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  • Conservation

    Conservation of critical wetland ecosystems, their functions and processes is essential to ensure their integrity.The Alliance works towards securing and maintaining wetlands ecosystem services for the well-being of the communities that depend on them.
  • Livelihoods

    Millions of people in Southeast Asia depend on healthy wetlands for their Livelihoods . Wetlands provide water and food and sources of income. Poverty Reduction and income diversification for wetlands dependent communities within a framework of responsible wetlands management are key to foster human well-being in wetland areas. .
  • Governance

    Integrating wetlands conservation with income generation and poverty reduction requires Governance Systems that are inclusive and participatory, involvingGovernments, Civil Society and the Private Sector.The Alliance fosters participatory approaches that bring a diverse rang of stakeholders together and ensures that the voices of the disadvantaged and marginalised are heard
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  • Wetlands Alliance International Conference (WAIC)
  • Highlights from our work
  • Alliance key areas

The Wetlands Alliance International Conference (WAIC) was jointly organized by the Asian Institute of Technology on behalf of the Wetlands Alliance and the Ministry of Environment, Cambodia. With this conference, the Alliance expanded on its original mandate to vertically link the local with the regional and horizontally civil society, policy makers and academia. Wetlands Alliance partners from Cambodia, Myanmar and Vietnam were joined by representatives from a wide range of programs, projects and initiatives working towards sustainable management of wetlands through conservation and livelihood development for wetlands dependent communities.

The Wetlands Alliance was represented by Corin Asia, WorldFish, WWF, Cambodian Rural Development Team, local partners from Cambodia and central Vietnam, the Cambodian Fisheries Administration, the Learning Institute, FREDA and AIT. IUCN and the Ramsar Convention, USAID, the Wetlands Research Network of Mahidol University, BirdLife International and the Wildfowl & Wetlands Trust (WWT) were among the key participating organizations, with individual participants from universities in the Philippines, Bangladesh and Myanmar.

40 presentations provided insights into a wide range of wetlands management related themes, both from research and implementation perspectives, covering issues such as Wetlands Conservation, Wetlands and Livelihoods, Climate Change and Wetlands, Wetlands and Fisheries, Communities, Governance and Rights-based approaches as well as impact and environmental quality assessments.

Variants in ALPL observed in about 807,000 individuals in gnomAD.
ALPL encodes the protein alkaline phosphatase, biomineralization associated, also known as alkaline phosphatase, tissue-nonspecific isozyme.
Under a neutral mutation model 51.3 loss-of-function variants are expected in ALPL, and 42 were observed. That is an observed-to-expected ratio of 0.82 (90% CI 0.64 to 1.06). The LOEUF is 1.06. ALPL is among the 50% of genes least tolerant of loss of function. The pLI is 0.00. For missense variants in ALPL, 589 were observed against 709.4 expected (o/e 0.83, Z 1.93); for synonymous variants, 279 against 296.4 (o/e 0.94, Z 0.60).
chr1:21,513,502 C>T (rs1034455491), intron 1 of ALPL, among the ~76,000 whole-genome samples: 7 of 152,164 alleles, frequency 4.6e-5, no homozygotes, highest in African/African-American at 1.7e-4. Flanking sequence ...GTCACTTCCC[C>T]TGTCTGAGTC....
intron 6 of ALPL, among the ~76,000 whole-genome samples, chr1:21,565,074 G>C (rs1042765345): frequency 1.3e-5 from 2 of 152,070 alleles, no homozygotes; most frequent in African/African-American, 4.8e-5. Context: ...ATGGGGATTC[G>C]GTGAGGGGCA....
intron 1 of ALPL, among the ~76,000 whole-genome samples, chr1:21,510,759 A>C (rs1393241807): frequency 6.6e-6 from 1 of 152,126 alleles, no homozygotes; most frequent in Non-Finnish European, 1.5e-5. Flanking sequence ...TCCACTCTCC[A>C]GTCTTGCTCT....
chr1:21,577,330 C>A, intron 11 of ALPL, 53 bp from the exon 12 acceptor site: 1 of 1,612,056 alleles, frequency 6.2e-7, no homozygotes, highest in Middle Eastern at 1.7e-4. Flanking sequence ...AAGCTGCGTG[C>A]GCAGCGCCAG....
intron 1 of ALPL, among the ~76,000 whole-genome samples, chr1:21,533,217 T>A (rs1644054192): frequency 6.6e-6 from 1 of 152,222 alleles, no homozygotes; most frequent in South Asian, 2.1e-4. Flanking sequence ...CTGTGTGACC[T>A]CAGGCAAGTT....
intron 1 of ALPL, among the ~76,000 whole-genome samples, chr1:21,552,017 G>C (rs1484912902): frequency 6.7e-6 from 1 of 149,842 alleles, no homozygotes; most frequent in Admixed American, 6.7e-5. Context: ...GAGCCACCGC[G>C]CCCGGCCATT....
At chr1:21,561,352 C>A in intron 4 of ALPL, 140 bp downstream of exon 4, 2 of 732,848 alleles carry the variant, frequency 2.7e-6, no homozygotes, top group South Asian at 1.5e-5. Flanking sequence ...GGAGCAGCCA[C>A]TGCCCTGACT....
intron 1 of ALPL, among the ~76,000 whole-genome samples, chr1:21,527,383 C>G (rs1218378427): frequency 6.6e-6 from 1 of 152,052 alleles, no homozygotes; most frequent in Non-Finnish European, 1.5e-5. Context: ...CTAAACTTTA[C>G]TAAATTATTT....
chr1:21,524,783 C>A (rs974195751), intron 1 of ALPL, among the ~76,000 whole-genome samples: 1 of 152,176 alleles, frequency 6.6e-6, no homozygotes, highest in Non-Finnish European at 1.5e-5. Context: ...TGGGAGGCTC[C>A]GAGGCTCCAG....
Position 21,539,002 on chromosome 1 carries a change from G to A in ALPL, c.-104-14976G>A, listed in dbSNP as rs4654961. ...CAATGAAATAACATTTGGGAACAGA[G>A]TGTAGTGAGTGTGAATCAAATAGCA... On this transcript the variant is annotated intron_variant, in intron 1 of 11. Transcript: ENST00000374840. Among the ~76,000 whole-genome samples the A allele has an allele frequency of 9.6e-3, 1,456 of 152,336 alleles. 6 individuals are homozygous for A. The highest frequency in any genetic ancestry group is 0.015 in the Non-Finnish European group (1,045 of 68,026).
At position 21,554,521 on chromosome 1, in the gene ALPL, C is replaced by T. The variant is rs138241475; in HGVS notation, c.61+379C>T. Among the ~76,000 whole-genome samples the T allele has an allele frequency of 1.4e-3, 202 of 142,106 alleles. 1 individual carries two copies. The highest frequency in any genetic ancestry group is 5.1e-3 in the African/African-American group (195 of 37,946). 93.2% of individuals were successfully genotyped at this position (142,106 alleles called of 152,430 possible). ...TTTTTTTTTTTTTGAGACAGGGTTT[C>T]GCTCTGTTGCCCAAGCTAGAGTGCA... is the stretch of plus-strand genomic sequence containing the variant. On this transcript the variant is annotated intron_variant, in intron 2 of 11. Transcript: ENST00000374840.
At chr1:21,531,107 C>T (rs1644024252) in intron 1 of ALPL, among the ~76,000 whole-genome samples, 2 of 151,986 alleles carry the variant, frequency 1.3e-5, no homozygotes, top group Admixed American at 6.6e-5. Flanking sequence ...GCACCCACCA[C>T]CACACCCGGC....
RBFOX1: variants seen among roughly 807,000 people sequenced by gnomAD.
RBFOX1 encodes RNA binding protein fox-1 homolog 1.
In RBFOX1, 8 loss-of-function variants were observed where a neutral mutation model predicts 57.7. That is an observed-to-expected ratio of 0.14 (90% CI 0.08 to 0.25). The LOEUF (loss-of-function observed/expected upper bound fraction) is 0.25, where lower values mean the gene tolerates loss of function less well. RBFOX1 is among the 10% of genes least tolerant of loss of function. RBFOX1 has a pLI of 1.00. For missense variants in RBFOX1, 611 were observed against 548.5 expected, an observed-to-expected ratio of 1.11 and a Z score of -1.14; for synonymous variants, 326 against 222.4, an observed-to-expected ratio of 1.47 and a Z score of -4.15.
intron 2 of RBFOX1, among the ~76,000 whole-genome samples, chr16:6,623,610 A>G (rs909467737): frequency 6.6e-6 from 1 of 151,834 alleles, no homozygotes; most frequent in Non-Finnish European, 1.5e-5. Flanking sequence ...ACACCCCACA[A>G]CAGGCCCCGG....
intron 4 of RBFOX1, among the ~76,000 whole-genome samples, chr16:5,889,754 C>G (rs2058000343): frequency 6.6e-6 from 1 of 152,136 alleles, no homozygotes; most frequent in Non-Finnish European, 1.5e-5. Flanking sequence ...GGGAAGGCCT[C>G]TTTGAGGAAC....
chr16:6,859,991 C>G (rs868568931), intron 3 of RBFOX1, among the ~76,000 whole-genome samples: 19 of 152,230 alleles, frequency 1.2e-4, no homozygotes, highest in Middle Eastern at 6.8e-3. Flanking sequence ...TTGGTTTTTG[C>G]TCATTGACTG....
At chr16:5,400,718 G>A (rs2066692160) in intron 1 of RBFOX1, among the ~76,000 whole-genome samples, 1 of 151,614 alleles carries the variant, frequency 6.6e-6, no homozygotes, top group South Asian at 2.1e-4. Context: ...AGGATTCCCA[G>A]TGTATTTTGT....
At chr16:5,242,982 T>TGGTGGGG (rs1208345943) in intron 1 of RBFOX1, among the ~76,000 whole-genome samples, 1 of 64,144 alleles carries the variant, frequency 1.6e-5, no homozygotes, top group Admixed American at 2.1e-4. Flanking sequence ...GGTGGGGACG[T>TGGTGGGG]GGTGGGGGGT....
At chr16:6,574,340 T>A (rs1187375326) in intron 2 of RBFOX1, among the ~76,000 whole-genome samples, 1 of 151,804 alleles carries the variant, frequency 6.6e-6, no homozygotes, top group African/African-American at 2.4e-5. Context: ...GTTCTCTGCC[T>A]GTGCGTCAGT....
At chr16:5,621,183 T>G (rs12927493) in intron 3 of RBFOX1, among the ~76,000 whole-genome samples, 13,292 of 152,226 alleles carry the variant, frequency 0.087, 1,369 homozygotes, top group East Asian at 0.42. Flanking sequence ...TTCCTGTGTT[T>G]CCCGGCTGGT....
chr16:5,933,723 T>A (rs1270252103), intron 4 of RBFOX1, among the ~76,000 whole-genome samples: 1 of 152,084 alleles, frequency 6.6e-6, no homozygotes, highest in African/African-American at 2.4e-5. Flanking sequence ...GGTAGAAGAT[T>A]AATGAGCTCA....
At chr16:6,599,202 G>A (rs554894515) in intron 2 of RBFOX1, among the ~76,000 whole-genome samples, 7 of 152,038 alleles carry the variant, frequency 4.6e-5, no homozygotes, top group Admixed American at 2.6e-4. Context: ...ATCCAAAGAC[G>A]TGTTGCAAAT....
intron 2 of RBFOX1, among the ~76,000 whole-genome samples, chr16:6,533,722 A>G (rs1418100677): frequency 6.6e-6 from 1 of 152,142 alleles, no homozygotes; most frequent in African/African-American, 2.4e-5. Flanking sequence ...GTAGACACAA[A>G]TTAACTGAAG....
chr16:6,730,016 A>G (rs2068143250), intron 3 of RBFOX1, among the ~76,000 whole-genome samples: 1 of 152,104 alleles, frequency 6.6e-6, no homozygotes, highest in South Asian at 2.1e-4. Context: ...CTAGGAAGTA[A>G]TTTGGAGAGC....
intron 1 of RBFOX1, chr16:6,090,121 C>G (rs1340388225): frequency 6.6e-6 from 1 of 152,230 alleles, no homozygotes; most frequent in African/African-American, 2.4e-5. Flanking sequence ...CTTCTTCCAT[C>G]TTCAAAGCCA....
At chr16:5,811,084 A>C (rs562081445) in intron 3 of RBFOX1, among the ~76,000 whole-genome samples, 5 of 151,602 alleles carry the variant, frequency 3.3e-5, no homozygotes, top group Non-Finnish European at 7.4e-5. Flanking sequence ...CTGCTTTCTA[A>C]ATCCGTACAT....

With a opening keynote talk from the Ramsar convention, the organizers stressed the importance of extending linkages and networking within the region and encouraging Ramsar to engage beyond its immediate network of Ramsar sites within its new “Indo-Burma Regional Ramsar Initiative”, which is hosted by IUCN.

In a passionate keynote presentation, Dr. Zeb Hogan, the host of National Geographic’s “Monsterfish” referred to the disruptive infrastructure developments on the Mekong and their potential impacts on fisheries in the lower Mekong, pointing at a range of opportunities that he think should be explored to minimize the impacts of hydropower development on fish.   

Presentations clearly showed that while the drivers of wetlands degradation are known well, the importance of wetlands and their services is widely recognized and responsible agencies usually know what needs to be done to protect and sustainably manage wetlands, wetlands are still continuing to decline at alarming rates. A world-café-style round table discussion challenged the participants to tackle this issue and explore new approaches to address wetlands management and conservation in the region.

The above sketch probably reflects best the thoughts and concerns expressed by  participants during the café session: it is a doodle by one of the participants, symbolizing the idea that a future is possible in which people and fish, communities and nature can co-exist. 

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Mangroveuse01 Protection and reforestation of Mangroves +

Mangrove Rehabilitation and Restoration

in Cambodia, Myanmar, Thailand and Vietnam

CBET01Generating income for local communities+

Community-based ecotourism

in Camboida and Vietnam

SHGs01 Creating jobs through enabling small investments into enterprise creation +

Access to finance and business development

in Cambodia and Vietnam

CapBuilding02 Building skills and competencies across all stakeholder groups.  +

Capacity Building

through actionable learning

capbuilding01 Community Based Action Research +

Participatory Research

based on ethical research protocols

Policy01 local development planning and implementation +

Policy Advice and Development

for planning and implementation